President Trump told lawmakers Wednesday that Republicans will move quickly to shelter hundreds of thousands of young immigrants facing an uncertain future after the president gutted a program granting legal rights to those same immigrants.
He also promised he would not seek to link funding for his proposed border wall to legislative action on the program.
Trump last week rescinded the Deferred Action for Childhood Arrivals Program (DACA), giving Congress a six-month deadline to come up with a legislative solution. But in a White House meeting with centrist lawmakers from both parties, the president said he doesn’t want to wait that long, according to one of the participants.
Indeed, said Rep. Henry Cuellar (D-Texas), the president is already getting impatient.
“He says, ‘Oh, DACA, we want to move on this quick, we don’t want to wait six months,’ ” Cuellar said after the meeting. “He said, ‘It’s already been six days and nothing’s happened.’ ”
Cuellar said Trump didn’t propose a timeline, but voiced concerns that waiting until the March 5 deadline grows closer would only put a spotlight on the issue and make it more difficult for Congress to act. The president, Cuellar said, wants to move “when people are not expecting it.”
Democratic leaders have warned that they’ll opposed any new funding for Trump’s border wall. In response, the president told the lawmakers Wednesday that he’ll divorce the issue from a DACA bill.
“He said, ‘We don’t have to tie a wall to this. We can put a wall [in another bill],’ ” Cuellar said, emphasizing that other border enforcement measures would likely be included.
That strategy would likely alienate conservatives fighting for more wall funding. And that’s hardly the only hurdle facing a DACA fix.
Trump also floated another idea that would certainly complicate passage of a DACA fix. The president, Cuellar said, wants to include parts of a GOP bill that demands more merit-based screenings for immigrants while reducing the number of legal immigrants by roughly a half over a decade. That proposal, sponsored by Sens. Tom CottonTom Bryant CottonSinema scuttles hopes for filibuster reform Republicans threaten floor takeover if Democrats weaken filibuster Will Putin sink Biden? MORE (R-Ark.) and David Perdue (R-Ga.), is a nonstarter for most Democrats.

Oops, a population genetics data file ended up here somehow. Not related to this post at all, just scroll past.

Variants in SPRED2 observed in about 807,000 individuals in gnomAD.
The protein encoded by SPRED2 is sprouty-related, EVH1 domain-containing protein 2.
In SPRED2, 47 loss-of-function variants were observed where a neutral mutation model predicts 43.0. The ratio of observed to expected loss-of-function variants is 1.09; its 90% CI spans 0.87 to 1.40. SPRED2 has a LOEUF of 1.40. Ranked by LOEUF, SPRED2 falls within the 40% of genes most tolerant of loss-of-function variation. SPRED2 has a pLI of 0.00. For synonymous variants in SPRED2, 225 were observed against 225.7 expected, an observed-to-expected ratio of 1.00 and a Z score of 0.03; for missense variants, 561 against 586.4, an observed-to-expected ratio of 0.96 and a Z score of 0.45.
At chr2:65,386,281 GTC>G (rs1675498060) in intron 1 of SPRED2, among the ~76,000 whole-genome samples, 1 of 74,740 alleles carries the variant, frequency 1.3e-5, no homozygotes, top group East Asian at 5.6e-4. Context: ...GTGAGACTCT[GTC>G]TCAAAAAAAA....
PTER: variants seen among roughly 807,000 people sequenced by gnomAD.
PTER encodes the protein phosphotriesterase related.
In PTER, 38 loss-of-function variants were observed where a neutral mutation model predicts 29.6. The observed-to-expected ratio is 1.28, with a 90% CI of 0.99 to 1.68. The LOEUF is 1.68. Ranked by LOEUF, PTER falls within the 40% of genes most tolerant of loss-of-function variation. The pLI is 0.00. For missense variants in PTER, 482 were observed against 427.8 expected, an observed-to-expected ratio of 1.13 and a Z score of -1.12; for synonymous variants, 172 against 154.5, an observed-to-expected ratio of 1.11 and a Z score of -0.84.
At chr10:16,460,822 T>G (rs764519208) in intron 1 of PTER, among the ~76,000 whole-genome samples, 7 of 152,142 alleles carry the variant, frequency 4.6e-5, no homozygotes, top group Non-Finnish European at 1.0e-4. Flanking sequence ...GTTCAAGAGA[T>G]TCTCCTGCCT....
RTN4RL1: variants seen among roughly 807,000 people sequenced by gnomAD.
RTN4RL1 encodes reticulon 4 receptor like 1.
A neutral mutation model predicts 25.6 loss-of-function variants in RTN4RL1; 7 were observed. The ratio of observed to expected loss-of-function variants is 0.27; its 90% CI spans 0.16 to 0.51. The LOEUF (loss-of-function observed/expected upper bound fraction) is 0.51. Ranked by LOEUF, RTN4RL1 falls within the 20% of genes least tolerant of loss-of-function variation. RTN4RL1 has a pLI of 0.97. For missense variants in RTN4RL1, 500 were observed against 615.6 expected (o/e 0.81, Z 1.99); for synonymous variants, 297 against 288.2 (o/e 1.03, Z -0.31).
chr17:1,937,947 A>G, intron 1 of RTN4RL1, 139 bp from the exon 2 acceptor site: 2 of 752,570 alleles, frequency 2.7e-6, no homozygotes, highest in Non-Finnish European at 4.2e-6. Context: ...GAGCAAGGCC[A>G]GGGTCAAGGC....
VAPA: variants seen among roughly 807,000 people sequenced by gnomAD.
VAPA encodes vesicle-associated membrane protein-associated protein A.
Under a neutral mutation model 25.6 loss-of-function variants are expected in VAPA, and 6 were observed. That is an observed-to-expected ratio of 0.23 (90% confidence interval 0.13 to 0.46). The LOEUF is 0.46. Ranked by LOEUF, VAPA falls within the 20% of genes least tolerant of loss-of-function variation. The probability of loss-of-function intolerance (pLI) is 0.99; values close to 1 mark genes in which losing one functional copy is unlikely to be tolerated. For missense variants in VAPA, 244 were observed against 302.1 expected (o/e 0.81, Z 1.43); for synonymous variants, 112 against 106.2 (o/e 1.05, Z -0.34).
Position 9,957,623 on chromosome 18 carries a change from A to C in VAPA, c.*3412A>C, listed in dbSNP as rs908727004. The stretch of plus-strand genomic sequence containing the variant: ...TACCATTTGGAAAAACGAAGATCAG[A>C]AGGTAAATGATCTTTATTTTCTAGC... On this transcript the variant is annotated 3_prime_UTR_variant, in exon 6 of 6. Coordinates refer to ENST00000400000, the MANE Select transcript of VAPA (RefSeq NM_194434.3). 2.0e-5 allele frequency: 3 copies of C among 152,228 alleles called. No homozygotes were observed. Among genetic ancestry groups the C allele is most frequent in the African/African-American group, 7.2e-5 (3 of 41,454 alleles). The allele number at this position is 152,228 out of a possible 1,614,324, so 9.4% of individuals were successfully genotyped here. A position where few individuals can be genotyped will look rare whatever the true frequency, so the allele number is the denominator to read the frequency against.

Cuellar said he spoke to Marc Short, the White House director of legislative affairs, about setting up a meeting between the president and the members of the Congressional Hispanic Caucus. Short, Cuellar said, encouraged the idea.
“He said, ‘Absolutely, set it up and we’ll meet with them,’ ” Cuellar said.
Other participants in the meeting were also optimistic, though cautiously so given the historic difficulties of moving immigration-related legislation on Capitol Hill.
“We won't know if it was a success until we see how the conversation translates to policy,” Rep. Scott Peters (D-Calif.) said afterward in a statement.
Wednesday’s meeting came just a week after top Democratic leaders united with the president on a fiscal deal to fund the government, raise the debt ceiling and provide $15 billion to victims of Hurricane Harvey. That surprise agreement has raised speculation that Trump, after months of largely ignoring the Democrats, is ready to start working across the aisle for the sake of jump-starting a legislative agenda that had sputtered under a strictly partisan approach.
Cuellar said Wednesday’s message from Trump to the Democrats was part olive branch and part warning.
“He says, ‘Well, we’re going to give this a shot. And if it doesn’t [work] then we’ll go back to the old way, which is just working with Republicans,’ ” he said.
Just hours after the White House meeting, House Speaker Paul RyanPaul Davis RyanOn The Trail: Retirements offer window into House Democratic mood Stopping the next insurrection Former Sen. Bob Dole dies at 98 MORE (R-Wis.) huddled with a number of Democrats in the Capitol to discuss a path forward on DACA. The gathering was attended by House Minority Leader Nancy Pelosi (D-Calif.) and the heads of the Hispanic, Black and Asian caucuses.
Participants said that gathering was productive, but they were notably tight-lipped about the details.
A Republican staffer speaking on background said specific border enforcement measures were discussed at the meeting, but declined to say what those were.
-Rafael Bernal contributed.